We must also realize that our priority is to look outward, instead of inward. We are called to be that “joyful band of missionary disciples”. Let us continue to pray for the breath of the Holy Spirit and the guidance that will be even more exhilarating than what we have experienced up until now.
Fr. Ken


MERRY CHRISTMAS! May the birth of Jesus bring you peace and joy. This miracle of God’s love for us fills our hearts and lives with the awareness that God is with us in all of the daily events of our lives.

There is a commercial on television that states “Christmas is families”. Although I understand the sentiment, Christmas is much more than that. I remember the first Christmas I spent away from my family. I was already in my 30’s. I was living in Italy for 6 months, studying Italian. I was asked to help out at a parish near Milano, where I was living, in a village named Busto Garolfo, about 15 miles from Milano. On Christmas Eve, I went early to the parish and spent more than 10 hours hearing confessions. What an experience that was. The last stretch was the 3 or 4 hours just prior to midnight Mass. By the time Mass was to begin, I was exhausted.

The next day, after the Masses, I went to the home of a good friend and fellow PIME missionary. I spent the day with them, enjoying an Italian feast that lasted hours. I remember that the last course before desert was steaks of horse meat. I remember that I was already full and that I tried just a small piece of the meat. Of course, with the wine and bread and all of the other delicacies, from the antipasto to the pasta to the variety of meat dishes, I was content. Much more, however, I hadn’t been with my biological family but I was able to spend the day with family. It was an amazing day filled with many moments I won’t forget. The following day, I traveled to Rome to welcome my sister, who was arriving from the States to spend a week in Italy, including New Year’s Day. The next 13 years, I spent Christmas in Japan. December 25 is a typical work and school day in Japan, and so I had to get creative in those years.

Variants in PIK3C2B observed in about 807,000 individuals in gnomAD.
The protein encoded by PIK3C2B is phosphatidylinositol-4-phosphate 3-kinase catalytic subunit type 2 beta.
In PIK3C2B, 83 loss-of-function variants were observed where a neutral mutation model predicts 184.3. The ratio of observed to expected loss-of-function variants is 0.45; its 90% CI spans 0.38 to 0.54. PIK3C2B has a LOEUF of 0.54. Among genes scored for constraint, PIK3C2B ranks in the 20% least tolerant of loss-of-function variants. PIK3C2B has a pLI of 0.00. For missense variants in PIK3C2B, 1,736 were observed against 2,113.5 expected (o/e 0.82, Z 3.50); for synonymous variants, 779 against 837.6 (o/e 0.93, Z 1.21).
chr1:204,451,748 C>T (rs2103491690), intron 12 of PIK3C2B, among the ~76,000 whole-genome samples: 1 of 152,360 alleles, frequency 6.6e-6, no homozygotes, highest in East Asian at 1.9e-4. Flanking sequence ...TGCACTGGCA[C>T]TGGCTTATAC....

From this experience, I learned that Christmas is more than just family. The love of God surrounds us wherever we are and with whomever we are. Even if we are alone, we are never really alone. Emmanuel, God is with us!

Fr. Ken


First Week of Advent

Advent begins this weekend. Most likely, our preparations for Christmas have already begun weeks or even months ago. The Gospel readings in this season introduce us to one of the most suggestive themes of Advent: the visit of the Lord to humanity. There are three times that the Lord comes to us: the first time, in the past, with the Incarnation and Birth of Jesus at Christmas. That is what we commemorate each year; The second is in the present, as Jesus visits us continually, every day, in the Eucharist; the final visit, in the future, is when Jesus “will come again in glory, to judge the living and the dead.” We read the Gospel of the last judgment last Sunday.